Jupyter notebook : Problem with figure() function

Hello guys,
I’m trying to plot 3 elements in a for a loop: 2 on the same plot and one on another one. The problem is that when I use the function figure() , some strange things appear on the screen : there’s a symbolic representation of my graphs with +,$ symbols . I don’t understand why it is acting that way, if you could help me, that would be amazing !

Thanks :slight_smile:

ps: I cannot put any embedded pictures since I am a new member…

Sorry for the inconvenience, I changed that setting to allow up to three pictures for a new user (previously it was one).

Witout more info, it is hard to diagnose your issue. Can you answer the following questions:

  • What is the OS?
  • How did you install Octave and what version?
  • How did you install Python and Jupyter?
  • How do you launch Jupiter?
  • What code exactly did you try to run in Jupiter?

What you describe looks like the dumy gnuplot terminal (ascii art) which would be used if you had no display.

Interested to learn if this was resolved. Is it possible to launch an Octave figure from Jupyter notebook? Can users use X11 to connect to this figure if Jupyter server is running in cloud?

The compatibility between Octave and Jupyter currently is kinda weird in the plotting department, this post at the kernel issue thread:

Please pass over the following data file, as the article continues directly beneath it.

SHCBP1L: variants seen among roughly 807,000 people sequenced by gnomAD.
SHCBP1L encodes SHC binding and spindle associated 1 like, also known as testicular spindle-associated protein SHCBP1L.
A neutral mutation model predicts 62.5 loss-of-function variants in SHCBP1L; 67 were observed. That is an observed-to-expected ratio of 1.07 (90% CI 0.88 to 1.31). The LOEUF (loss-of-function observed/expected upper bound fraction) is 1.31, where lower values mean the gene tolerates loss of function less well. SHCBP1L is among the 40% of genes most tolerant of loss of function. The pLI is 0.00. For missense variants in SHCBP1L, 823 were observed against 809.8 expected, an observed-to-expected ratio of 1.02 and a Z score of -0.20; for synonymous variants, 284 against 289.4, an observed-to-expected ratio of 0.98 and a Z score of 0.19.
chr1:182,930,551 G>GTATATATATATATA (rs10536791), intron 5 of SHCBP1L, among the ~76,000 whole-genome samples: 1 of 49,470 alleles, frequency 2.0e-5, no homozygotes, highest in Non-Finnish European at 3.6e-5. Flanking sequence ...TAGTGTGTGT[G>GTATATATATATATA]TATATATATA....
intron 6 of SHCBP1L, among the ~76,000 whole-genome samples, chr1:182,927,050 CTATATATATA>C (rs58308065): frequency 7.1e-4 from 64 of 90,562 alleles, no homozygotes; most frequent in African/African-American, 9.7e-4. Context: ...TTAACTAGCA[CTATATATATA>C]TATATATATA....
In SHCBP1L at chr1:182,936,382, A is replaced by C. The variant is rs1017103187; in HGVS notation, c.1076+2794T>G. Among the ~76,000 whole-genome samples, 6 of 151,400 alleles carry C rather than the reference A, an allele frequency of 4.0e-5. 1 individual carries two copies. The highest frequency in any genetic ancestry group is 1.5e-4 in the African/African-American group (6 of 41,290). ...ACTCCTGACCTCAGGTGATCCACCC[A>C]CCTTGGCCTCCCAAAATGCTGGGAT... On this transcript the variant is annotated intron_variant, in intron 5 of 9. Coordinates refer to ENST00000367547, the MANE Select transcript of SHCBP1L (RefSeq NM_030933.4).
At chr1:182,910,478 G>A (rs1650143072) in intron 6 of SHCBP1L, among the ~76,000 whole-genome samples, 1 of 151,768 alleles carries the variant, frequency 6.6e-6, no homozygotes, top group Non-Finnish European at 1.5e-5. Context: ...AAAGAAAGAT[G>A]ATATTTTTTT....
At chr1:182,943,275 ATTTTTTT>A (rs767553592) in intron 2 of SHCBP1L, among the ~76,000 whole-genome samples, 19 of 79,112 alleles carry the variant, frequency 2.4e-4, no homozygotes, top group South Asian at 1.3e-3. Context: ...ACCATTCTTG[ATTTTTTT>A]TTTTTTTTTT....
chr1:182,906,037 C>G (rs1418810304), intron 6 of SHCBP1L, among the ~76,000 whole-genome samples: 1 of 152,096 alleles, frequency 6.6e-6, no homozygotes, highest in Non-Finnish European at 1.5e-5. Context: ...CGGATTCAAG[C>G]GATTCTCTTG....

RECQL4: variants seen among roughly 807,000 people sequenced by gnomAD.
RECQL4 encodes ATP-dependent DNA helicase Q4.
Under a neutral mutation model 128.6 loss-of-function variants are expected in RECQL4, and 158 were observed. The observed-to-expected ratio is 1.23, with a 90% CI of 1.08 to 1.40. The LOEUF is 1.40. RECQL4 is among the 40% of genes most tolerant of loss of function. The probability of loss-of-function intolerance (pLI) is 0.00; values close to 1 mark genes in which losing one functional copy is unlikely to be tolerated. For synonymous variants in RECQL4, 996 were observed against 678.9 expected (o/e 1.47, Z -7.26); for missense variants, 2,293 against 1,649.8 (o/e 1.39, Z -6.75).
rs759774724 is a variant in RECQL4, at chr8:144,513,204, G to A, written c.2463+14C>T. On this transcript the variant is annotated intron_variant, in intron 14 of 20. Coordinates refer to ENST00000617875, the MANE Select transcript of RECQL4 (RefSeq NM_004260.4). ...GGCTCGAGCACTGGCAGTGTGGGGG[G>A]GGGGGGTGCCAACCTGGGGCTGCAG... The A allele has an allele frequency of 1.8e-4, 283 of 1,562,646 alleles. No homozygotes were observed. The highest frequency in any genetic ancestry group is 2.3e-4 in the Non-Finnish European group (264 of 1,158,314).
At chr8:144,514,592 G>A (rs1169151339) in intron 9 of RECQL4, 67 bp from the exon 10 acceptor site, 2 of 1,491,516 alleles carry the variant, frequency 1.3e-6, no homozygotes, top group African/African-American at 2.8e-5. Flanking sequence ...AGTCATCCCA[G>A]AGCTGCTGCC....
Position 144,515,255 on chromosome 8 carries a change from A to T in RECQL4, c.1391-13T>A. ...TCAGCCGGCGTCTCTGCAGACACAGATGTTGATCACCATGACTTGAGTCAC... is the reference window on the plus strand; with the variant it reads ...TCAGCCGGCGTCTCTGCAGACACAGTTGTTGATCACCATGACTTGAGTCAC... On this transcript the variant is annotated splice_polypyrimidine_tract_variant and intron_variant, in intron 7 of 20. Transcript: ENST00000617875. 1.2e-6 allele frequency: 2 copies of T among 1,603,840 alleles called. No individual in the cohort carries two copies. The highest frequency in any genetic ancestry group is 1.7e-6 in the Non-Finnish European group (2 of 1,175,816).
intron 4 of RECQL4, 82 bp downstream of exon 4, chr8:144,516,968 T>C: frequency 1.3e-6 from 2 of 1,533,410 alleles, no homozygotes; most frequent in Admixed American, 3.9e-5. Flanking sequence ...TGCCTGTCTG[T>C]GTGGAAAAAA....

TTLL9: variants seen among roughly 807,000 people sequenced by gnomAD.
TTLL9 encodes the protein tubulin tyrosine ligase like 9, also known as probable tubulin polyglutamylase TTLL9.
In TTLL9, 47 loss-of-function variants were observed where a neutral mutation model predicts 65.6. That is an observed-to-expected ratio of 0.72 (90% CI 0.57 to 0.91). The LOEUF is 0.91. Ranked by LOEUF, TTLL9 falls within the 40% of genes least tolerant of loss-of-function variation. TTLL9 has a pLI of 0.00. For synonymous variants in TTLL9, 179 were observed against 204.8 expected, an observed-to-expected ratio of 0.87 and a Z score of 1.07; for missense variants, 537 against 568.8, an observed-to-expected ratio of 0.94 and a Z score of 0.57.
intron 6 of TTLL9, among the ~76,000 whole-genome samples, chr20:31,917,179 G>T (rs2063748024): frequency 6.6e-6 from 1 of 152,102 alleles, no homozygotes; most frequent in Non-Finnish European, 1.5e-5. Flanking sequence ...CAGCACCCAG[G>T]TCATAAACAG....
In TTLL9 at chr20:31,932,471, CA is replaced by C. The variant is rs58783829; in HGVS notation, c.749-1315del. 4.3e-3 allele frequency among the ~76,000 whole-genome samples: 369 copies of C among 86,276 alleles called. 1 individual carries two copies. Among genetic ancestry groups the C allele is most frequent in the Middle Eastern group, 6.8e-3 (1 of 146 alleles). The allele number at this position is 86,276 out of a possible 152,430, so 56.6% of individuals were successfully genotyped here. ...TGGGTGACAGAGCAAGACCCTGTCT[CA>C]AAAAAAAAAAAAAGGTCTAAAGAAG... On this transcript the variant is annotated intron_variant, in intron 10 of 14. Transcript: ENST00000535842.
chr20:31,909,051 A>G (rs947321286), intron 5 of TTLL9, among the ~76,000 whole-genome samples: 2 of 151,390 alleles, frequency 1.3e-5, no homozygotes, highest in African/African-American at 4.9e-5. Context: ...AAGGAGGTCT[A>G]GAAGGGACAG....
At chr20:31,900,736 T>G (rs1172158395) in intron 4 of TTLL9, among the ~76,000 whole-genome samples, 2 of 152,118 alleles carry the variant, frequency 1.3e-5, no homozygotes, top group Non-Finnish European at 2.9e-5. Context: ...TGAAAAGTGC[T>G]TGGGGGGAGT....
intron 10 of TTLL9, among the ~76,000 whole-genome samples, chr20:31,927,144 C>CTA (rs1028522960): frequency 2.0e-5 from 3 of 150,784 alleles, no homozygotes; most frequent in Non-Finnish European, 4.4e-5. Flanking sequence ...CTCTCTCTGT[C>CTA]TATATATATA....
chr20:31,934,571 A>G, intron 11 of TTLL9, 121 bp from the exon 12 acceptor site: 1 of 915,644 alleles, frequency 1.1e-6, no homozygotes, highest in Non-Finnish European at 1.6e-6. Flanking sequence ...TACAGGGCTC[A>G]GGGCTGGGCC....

shows that the when using the current Octave 6.x.x versions unless you explicitly run the command:

graphics_toolkit("gnuplot")

before launching a plot, the graphics will not work despite gnuplot being the default graphics toolkit in theory, they have analyzed the problem and concluded that Octave 6 somehow reverts to fltk graphics toolkit and because the fltk. toolkit can’t pass the figures to jupyter for the inline plotting it sends that error.

I’m currently using a previous version to 6 to run this code pertaining the original question:

clear
close all
clc

x=linspace(-5,5,100);

y1 = x;
y2 = x.^2;
y3 = x.^3;
y4 = x.^3 / 2;

ys = {y1, y2, y3, y4};

for i = 1:2
  
  figure()
  plot(x,ys{i})
  hold on
  plot(x,ys{i+1})
  grid on
  
  figure()
  plot(x,ys{i+2})
  grid on
  
end  

so the result is that it generates using a for loop 4 figures, two of them containing plots on the same figure and the other two individual plots in another figure, I only show two because of the size of the screencapture:

if the thing is about having the plots not being inline with the notebook, I don’t remember if it is requirement, but I have gnuplot installed as an external aplication.

then by running the comand

%plot gnuplot

and then the same code as before the plots are drawn in external figures/windows to the notebook.